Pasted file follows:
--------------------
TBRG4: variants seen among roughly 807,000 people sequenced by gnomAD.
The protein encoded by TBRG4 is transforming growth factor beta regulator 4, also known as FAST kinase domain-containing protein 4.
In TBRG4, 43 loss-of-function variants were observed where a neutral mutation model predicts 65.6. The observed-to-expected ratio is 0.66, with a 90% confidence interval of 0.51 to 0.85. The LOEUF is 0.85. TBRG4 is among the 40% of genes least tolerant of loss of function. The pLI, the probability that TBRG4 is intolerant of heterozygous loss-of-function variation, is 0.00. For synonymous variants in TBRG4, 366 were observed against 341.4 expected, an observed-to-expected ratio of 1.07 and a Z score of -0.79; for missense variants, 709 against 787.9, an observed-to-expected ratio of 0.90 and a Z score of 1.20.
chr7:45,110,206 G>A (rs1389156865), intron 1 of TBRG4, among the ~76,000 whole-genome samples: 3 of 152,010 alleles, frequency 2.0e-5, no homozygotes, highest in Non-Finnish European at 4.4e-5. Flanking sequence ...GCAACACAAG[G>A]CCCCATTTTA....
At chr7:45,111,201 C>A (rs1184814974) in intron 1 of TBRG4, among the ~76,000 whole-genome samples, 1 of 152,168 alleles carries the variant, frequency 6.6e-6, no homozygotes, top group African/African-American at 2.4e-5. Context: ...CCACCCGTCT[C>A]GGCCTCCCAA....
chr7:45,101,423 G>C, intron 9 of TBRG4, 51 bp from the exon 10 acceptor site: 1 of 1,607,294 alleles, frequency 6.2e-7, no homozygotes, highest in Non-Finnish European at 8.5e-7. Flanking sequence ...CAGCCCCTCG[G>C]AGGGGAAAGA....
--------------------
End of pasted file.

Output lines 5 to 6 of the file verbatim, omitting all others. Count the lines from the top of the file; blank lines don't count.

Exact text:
At chr7:45,111,201 C>A (rs1184814974) in intron 1 of TBRG4, among the ~76,000 whole-genome samples, 1 of 152,168 alleles carries the variant, frequency 6.6e-6, no homozygotes, top group African/African-American at 2.4e-5. Context: ...CCACCCGTCT[C>A]GGCCTCCCAA....
chr7:45,101,423 G>C, intron 9 of TBRG4, 51 bp from the exon 10 acceptor site: 1 of 1,607,294 alleles, frequency 6.2e-7, no homozygotes, highest in Non-Finnish European at 8.5e-7. Flanking sequence ...CAGCCCCTCG[G>C]AGGGGAAAGA....